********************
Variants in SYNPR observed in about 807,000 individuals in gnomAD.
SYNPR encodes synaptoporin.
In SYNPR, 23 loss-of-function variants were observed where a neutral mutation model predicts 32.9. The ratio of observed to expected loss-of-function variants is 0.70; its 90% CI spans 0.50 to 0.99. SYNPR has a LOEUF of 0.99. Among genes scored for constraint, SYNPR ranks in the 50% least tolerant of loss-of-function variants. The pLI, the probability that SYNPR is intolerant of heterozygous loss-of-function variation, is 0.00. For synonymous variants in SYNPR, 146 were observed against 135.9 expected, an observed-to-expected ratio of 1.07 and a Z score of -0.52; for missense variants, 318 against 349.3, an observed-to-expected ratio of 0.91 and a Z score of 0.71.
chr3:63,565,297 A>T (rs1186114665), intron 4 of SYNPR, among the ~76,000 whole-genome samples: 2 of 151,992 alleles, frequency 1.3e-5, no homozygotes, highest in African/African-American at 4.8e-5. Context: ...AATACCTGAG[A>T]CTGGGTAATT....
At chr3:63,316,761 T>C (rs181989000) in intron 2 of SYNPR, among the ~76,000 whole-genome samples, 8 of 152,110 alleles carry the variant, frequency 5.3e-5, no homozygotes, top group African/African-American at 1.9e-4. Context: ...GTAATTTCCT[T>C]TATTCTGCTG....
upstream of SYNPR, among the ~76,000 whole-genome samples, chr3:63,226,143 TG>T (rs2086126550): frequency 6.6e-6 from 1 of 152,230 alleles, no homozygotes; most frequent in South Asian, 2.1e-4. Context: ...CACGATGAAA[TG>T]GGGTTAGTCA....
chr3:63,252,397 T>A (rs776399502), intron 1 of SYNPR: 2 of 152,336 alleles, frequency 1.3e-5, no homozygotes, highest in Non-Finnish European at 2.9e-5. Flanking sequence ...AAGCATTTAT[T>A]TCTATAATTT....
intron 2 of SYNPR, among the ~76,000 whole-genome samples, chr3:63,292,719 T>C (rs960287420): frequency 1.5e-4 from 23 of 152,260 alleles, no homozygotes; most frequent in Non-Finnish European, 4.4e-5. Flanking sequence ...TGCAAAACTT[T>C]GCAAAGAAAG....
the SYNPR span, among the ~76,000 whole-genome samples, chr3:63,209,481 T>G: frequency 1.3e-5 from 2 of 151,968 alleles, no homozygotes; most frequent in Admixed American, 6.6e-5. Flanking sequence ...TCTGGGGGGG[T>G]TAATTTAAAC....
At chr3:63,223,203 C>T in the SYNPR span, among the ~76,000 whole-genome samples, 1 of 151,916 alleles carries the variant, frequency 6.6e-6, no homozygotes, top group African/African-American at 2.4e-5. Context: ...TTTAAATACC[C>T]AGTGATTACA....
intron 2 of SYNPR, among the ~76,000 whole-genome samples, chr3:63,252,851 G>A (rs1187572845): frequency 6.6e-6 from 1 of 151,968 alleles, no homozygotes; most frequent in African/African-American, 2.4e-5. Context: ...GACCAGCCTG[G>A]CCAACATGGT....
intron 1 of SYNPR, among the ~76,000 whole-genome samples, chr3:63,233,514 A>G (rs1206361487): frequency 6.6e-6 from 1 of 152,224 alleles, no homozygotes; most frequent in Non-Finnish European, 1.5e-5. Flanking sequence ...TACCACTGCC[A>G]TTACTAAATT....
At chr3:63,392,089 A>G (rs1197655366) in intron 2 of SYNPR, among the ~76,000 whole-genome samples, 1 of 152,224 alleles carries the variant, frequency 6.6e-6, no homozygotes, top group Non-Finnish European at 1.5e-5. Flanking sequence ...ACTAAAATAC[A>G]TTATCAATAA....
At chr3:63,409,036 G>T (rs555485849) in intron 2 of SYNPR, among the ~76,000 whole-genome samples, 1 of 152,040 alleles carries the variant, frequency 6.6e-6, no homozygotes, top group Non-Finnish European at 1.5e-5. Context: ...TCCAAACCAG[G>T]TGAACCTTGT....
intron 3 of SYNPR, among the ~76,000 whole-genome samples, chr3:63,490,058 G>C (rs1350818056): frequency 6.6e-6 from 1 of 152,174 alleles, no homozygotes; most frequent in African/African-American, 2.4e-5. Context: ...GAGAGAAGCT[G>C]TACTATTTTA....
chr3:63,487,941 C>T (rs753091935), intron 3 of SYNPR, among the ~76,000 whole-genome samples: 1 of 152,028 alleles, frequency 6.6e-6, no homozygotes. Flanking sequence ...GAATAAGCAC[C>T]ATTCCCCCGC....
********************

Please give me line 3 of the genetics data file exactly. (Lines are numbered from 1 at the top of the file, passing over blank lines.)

In SYNPR, 23 loss-of-function variants were observed where a neutral mutation model predicts 32.9. The ratio of observed to expected loss-of-function variants is 0.70; its 90% CI spans 0.50 to 0.99. SYNPR has a LOEUF of 0.99. Among genes scored for constraint, SYNPR ranks in the 50% least tolerant of loss-of-function variants. The pLI, the probability that SYNPR is intolerant of heterozygous loss-of-function variation, is 0.00. For synonymous variants in SYNPR, 146 were observed against 135.9 expected, an observed-to-expected ratio of 1.07 and a Z score of -0.52; for missense variants, 318 against 349.3, an observed-to-expected ratio of 0.91 and a Z score of 0.71.